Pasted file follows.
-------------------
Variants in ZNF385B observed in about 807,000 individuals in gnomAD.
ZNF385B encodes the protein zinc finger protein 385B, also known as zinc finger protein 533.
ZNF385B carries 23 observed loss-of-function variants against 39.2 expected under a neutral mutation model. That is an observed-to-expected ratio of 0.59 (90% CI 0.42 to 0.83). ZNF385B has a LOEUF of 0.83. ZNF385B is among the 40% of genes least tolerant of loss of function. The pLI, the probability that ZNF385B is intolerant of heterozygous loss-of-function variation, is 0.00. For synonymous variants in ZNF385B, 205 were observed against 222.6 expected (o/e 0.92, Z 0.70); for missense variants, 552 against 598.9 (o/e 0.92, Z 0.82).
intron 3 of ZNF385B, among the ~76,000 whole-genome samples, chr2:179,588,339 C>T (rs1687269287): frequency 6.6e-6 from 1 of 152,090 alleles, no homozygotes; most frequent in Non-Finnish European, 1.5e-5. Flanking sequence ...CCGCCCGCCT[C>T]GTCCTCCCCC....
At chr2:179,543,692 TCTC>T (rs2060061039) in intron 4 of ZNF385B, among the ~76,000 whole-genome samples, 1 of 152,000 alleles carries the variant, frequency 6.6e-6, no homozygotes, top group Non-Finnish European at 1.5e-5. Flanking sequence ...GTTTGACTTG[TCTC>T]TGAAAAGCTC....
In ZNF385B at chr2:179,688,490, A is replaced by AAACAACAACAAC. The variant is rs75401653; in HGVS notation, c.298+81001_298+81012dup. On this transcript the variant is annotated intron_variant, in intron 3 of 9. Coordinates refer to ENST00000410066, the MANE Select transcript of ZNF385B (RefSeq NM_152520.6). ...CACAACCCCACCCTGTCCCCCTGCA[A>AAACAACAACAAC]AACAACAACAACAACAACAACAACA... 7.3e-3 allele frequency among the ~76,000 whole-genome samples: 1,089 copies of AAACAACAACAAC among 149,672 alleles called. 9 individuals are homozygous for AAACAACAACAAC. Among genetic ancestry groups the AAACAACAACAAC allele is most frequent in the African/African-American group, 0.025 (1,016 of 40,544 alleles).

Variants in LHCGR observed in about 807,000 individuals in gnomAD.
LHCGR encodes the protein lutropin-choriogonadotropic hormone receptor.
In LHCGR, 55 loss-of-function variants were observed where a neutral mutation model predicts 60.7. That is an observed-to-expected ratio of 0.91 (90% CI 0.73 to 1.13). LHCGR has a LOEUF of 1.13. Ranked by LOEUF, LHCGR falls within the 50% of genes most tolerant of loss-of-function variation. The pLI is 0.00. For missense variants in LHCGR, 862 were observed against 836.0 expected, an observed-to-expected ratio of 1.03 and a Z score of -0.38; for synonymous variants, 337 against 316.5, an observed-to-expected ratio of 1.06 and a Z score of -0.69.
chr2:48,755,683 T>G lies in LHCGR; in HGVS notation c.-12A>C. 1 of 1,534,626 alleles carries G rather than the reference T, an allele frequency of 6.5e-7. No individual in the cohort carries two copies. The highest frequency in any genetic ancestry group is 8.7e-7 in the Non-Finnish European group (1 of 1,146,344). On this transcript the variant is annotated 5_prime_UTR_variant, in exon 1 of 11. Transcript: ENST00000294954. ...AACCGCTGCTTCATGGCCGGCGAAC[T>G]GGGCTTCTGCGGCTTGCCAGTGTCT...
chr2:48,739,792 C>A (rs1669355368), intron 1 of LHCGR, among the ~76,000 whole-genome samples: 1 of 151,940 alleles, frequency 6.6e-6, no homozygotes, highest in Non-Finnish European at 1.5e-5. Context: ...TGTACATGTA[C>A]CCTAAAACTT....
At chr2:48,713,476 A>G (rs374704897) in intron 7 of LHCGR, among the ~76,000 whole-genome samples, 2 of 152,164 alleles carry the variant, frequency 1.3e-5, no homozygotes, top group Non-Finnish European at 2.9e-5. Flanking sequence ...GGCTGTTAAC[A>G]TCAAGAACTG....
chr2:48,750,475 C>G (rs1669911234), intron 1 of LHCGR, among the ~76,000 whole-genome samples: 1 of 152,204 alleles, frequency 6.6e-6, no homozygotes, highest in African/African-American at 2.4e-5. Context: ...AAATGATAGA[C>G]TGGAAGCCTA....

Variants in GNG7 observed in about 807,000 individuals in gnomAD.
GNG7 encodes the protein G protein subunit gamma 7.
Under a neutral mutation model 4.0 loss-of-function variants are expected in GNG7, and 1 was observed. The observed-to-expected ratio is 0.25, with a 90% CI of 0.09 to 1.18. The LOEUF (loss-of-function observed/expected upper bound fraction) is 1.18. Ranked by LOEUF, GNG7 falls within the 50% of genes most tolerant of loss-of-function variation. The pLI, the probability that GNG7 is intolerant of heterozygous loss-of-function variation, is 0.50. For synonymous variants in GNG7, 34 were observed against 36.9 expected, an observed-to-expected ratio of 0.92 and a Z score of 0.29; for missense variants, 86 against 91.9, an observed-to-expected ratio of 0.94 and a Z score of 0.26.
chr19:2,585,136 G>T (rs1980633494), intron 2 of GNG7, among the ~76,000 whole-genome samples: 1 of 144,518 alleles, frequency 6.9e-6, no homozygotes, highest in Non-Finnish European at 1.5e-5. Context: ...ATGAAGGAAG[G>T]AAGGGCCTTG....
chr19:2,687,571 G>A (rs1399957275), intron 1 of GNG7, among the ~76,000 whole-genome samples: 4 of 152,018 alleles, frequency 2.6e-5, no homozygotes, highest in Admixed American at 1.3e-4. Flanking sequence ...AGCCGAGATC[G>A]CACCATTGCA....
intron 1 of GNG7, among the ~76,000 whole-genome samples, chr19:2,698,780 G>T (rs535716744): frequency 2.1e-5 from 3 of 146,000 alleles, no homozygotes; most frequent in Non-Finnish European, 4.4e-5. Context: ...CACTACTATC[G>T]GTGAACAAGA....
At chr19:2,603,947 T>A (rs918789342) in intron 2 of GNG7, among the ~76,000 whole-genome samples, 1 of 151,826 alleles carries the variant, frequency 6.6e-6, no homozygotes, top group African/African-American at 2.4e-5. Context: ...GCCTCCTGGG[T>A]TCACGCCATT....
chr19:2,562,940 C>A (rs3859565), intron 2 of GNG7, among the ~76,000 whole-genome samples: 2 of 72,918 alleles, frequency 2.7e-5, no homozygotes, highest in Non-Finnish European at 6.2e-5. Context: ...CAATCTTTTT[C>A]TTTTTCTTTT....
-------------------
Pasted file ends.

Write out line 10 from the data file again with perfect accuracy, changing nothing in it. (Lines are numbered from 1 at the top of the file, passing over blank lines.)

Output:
chr2:48,755,683 T>G lies in LHCGR; in HGVS notation c.-12A>C. 1 of 1,534,626 alleles carries G rather than the reference T, an allele frequency of 6.5e-7. No individual in the cohort carries two copies. The highest frequency in any genetic ancestry group is 8.7e-7 in the Non-Finnish European group (1 of 1,146,344). On this transcript the variant is annotated 5_prime_UTR_variant, in exon 1 of 11. Transcript: ENST00000294954. ...AACCGCTGCTTCATGGCCGGCGAAC[T>G]GGGCTTCTGCGGCTTGCCAGTGTCT...